Alan Mak MP Faces 'Yes' or 'No' Question

October 15, 2016

At yet another of our well attended Public Meetings last night, where over 200 Hayling residents put probing questions to our Guest Speaker Alan Mak MP, the audience heard how gravely all tiers of our Government and their Agencies underestimate Hayling's unique geographical situation.  Islanders at the meeting were clearly shocked that National Policy - details of this given on the next Post - itself has put practically impossible housing demands on our own Havant BC which is literally running out of space just to comply with new, 2012, Government requirements.  Alan Mak was asked if his Havant wide constituents - whose Residents' Associations are now in Alliance to defend dwindling wildlife corridors and green 'gaps' - could count on him in the same way that 3 other, Conservative, MPs are openly supporting Eastleigh's action 'Against Destructive Development' and who are calling on their Council to be true to their original Plan and stop overdevelopment, urban sprawl with no countryside gaps for wildlife and qualify of social life.  Alan Mak wanted time to study Eastleigh's case before he committed himself.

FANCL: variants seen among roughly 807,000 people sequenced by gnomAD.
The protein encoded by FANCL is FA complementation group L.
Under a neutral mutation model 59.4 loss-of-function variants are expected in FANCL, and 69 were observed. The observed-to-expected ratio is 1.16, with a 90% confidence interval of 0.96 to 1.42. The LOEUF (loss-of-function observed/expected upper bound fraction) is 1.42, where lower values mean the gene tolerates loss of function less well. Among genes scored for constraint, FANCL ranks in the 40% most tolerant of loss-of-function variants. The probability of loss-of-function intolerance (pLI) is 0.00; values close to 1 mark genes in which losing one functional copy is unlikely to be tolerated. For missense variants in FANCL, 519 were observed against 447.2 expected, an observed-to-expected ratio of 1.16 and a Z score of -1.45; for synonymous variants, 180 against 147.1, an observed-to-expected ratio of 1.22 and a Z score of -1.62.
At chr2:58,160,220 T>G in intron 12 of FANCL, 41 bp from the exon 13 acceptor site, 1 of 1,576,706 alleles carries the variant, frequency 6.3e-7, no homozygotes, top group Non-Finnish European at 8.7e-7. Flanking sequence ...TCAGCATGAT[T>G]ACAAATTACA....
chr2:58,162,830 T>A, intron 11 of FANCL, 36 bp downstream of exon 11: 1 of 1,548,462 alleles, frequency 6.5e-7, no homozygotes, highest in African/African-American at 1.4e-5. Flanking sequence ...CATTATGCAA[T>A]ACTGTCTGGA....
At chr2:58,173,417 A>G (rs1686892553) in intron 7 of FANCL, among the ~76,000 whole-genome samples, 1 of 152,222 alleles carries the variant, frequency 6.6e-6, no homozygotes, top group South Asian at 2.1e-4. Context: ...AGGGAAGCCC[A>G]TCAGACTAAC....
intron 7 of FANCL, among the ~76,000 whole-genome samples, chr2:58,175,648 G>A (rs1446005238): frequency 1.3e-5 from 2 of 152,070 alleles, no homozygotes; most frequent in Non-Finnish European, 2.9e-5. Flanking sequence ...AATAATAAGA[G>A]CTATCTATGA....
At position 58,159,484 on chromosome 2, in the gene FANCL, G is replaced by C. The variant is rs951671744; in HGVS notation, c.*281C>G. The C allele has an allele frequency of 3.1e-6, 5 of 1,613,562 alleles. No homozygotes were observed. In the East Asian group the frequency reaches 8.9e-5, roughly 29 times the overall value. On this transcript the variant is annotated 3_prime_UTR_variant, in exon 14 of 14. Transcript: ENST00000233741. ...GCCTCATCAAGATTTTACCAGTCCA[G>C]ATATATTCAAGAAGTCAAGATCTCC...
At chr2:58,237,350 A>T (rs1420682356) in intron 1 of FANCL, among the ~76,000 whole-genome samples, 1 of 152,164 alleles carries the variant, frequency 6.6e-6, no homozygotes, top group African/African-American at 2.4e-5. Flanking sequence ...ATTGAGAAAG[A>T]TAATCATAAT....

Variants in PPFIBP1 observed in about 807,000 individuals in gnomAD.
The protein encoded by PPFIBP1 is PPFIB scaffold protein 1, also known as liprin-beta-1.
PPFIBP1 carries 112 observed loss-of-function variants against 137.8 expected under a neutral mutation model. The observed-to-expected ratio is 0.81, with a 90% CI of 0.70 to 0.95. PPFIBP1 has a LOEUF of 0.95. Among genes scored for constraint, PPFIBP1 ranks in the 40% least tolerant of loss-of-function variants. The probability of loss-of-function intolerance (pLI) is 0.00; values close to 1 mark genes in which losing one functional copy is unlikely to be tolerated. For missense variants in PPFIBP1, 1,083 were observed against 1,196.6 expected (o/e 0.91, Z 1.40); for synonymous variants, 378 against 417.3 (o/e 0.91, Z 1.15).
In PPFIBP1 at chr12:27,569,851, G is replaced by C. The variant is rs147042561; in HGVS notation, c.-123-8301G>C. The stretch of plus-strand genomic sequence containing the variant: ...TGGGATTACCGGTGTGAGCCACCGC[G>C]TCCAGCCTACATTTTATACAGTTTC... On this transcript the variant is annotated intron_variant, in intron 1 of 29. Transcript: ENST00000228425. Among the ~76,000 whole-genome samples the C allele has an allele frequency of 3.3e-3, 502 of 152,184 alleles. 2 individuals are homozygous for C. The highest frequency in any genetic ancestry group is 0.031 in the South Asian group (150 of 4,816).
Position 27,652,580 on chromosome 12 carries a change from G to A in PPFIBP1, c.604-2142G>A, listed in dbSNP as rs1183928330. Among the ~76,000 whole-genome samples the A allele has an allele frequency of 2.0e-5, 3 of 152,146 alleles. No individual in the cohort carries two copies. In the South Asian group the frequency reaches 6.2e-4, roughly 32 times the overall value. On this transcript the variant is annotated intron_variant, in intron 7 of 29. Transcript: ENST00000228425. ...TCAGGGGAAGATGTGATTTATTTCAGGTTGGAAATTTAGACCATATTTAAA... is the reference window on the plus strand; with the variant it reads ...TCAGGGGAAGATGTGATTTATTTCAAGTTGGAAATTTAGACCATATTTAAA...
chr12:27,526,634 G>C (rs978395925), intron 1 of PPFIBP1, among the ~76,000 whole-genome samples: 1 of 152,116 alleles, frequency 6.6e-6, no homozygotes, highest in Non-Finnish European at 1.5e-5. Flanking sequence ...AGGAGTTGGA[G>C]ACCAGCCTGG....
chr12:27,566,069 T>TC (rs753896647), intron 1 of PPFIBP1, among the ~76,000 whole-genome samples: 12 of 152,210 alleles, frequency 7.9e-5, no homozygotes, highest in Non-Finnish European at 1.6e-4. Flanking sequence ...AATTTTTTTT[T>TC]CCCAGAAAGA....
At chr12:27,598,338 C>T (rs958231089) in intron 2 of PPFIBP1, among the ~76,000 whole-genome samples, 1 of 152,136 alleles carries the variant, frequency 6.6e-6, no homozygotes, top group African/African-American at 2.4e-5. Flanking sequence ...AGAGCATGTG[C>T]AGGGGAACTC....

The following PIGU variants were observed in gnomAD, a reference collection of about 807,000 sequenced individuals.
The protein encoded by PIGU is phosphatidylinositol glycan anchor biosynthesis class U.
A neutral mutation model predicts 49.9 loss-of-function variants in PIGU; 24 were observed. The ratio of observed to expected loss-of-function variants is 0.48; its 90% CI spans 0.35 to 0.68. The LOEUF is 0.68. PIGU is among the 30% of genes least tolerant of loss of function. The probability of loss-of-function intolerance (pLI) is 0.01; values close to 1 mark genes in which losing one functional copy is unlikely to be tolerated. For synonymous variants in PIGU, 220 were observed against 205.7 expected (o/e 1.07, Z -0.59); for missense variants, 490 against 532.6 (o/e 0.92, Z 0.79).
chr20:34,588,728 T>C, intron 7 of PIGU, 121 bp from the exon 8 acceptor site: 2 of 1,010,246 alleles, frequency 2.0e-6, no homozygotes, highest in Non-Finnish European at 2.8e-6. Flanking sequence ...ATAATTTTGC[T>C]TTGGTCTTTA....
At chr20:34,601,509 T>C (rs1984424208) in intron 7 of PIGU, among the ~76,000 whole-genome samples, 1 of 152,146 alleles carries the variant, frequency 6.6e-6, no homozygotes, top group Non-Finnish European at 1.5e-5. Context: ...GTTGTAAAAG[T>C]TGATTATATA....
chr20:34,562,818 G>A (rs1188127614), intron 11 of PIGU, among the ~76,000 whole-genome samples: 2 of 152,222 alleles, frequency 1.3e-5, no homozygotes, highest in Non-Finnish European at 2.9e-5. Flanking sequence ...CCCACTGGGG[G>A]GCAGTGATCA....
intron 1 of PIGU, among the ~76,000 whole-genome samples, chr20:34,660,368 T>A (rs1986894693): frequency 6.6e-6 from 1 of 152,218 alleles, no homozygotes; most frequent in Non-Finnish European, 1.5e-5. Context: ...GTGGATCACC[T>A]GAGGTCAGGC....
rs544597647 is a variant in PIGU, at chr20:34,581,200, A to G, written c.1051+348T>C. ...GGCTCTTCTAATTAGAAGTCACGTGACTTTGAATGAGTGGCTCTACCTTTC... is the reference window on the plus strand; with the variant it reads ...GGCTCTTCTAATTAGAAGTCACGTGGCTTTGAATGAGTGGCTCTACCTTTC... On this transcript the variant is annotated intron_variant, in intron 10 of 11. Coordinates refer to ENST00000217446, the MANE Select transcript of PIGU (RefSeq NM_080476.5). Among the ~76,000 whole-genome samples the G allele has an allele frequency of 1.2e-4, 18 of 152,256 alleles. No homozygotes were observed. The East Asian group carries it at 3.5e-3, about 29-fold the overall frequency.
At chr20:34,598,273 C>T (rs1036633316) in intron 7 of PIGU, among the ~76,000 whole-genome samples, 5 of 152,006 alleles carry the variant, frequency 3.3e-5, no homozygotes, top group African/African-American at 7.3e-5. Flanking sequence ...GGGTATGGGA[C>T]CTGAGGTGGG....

Repeatedly our audience gave chapter and verse on how Hayling is truly unique in its island situation with only 1 road, and that is an S2, of the lowest permitted class, to the mainland: it services the 17,000 plus residents not to mention our thousands of visitors annually and is literally our lifeline to all emergency services particularly A & E Hospitals.  Flooding - unsurprisingly for such a low lying island - are routine in parts of Hayling so assurances that our engineering methods will counteract this natural phenomenon failed to impress the long term knowledgeable and experienced  residents.  Ultimately it is Hayling's unique features of every changing coastline, low lying properties that contribute so much to the south coast region's tourist, especially Watersports, economy, and at the same time make it so unsuitable for building development.  Arguments of the huge and increasing importance of locally produced food for local people seemed to fall on deaf ears.  England's ever increasing population, it seems, must be accommodated on Grade 1 and 2 irreplaceable Agricultural land.  Is anyone in Government aware that, over centuries, minerals deplete in farmland, so that we must protect precious farmland from developers' short term speculations?

 

When finally pressed at the very end of the meeting, Alan Mak agreed to take back to our elected Government the apparent news that Hayling Island is truly unique and must be treated as such.  We will all be monitoring his progress.

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